Earvin Johnson swiped at the ball as he came over to help, yet Larry smartly anticipated this maneuver and protected the ball well with both hands as he split the defense above the foul line.

But instead of forcing a tough off balance shot as most superstars migh thave done in an attmept to be THE hero, he kept his poise and kicked the ball out to his left to an open Dennis Johnson, whom the Laker guard had abandoned to double Bird.

DJ let fly from 20 feet and his shot swished through the net just before the final buzzer sounded to tie the series in dramatic fashion, 107-105. Bird and the Celtics celebrated wildly before a Laker crowd stunned into silence at midcourt, having narrowly avoided a 3-1 deficit and almost certain defeat.

Larry made half of his mere 16 field tries and canned 10 of 12 from the charity stripe to tally 26 points. Dogged all over the court by the thinly-veiled Laker zone defense, he refused to be baited into forcing bad shots and instead spread the floor with spacing, shooting and deft passing.

Few great players would be able to show the discipline needed under such pressure to not make mistakes and force shots and passes when the entire offense was predicated on Larry making plays.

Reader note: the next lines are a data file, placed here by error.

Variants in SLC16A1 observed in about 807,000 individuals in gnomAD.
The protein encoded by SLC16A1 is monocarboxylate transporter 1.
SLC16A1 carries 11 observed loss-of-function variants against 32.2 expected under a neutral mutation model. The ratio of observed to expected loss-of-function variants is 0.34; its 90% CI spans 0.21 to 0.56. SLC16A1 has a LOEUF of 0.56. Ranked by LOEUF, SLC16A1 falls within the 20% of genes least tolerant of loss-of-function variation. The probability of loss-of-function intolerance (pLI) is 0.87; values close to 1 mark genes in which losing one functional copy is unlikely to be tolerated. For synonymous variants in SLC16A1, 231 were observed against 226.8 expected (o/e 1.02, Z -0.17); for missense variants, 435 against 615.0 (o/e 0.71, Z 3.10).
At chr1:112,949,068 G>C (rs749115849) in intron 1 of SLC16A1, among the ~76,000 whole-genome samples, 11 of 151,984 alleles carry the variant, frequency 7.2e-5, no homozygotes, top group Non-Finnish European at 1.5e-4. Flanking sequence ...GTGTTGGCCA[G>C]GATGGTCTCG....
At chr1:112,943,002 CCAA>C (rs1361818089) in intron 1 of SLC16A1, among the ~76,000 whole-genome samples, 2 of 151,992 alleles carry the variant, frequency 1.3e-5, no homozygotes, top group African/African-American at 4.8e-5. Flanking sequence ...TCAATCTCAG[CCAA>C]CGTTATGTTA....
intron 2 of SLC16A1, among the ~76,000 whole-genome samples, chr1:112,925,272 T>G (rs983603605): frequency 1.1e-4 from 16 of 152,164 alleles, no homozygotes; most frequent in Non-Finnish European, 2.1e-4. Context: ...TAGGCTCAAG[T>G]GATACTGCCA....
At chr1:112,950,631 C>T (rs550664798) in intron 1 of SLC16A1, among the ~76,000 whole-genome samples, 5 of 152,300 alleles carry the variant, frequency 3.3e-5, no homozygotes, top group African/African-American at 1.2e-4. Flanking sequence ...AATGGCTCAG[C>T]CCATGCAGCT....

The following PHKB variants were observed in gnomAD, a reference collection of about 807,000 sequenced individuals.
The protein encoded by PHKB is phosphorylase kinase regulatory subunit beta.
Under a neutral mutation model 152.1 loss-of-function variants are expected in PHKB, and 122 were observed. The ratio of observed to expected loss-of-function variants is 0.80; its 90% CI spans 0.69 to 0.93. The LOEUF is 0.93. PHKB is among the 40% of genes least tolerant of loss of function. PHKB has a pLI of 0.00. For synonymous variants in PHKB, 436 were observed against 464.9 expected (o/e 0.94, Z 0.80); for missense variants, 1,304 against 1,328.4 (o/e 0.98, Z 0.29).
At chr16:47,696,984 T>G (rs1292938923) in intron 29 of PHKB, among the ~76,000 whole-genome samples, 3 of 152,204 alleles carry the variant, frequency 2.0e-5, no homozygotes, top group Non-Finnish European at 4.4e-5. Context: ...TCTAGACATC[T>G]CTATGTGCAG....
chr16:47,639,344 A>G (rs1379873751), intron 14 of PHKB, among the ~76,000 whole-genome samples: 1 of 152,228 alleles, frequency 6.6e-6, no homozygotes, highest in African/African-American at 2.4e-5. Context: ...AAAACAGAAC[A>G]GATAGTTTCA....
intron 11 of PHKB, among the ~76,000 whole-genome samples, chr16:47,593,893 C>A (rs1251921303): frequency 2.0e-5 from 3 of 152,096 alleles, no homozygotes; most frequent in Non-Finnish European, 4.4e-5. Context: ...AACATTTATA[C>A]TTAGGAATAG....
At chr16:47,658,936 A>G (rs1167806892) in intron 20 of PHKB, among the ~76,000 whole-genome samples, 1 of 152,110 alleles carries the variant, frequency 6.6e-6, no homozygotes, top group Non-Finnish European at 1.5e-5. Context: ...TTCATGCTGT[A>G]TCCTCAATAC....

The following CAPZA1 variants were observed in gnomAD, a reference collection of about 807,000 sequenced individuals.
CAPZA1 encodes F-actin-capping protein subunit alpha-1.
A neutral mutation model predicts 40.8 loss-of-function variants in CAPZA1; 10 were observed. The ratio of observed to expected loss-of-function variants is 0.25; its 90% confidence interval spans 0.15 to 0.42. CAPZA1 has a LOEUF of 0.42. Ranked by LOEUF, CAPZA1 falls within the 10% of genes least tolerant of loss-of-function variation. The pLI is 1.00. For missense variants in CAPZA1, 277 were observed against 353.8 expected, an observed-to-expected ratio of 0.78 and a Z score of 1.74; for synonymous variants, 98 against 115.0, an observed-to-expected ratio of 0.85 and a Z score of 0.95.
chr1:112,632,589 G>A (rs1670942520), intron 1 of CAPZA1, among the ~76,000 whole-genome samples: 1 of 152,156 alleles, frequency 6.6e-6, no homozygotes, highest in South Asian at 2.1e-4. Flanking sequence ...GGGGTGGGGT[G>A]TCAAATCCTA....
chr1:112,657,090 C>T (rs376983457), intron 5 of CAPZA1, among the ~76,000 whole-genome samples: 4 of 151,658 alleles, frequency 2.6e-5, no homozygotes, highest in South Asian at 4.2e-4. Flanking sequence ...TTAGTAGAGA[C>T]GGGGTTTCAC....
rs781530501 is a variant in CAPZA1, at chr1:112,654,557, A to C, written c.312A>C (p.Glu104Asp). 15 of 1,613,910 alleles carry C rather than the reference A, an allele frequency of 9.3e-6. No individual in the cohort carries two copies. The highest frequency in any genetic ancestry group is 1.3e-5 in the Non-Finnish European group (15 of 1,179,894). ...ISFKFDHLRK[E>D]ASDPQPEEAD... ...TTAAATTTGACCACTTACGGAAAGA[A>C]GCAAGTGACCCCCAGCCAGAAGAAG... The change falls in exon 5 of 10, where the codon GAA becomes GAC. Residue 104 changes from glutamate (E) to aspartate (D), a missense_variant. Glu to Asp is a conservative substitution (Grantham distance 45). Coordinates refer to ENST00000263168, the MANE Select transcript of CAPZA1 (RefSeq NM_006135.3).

In addition, he also imposed his will on the game by grabbing 11 rebounds. He doled out five assists (including the game-winner), made three steals and added a block, all while making just one turnover in 43 fierce minutes under great pressure.

4) Game 1, 1981 Finals. In the very first game of his Finals career, Bird and Boston took on the upstart Rockets, led by rebounding machine Moses Malone. Houston had upset the defending champion Lakers in the first round while Boston had come from 3-1 down to beat the rival 76ers in a conference finals for the ages. Suffering from a physical and emotional hangover when the 40-42 Rockets came to town two days later, the sluggish Celtics trailed much of the game.

Then Bird made the play of the series that woke up the crowd and Gang Green. He shot a 16-footer from the right elbow and immediately sensed it was off to the right. Bird instinctively went to the spot along the right baseline where he anticipated the long rebound and caught the rebound in midair. While suspended off the ground, he switched the ball to his left hand and tossed in a soft southpaw nine-footer as he floated out of bounds behind the basket.

The crowd roared its appreciation and the team got a huge shot in the arm. Red Auerbach called it the greatest play he had ever seen after the game. Courtside on CBS, Bill Russell also called it a truly great play.

Only a basketball savant with great ambidexterity, body control and touch like Bird could have pulled off such an amazing play. Just to get the rebound and anticipate the bounce was impressive. To finish it off by making a left-handed floater was a once-in-a-lifetime play, considering the circumstances and what was at stake.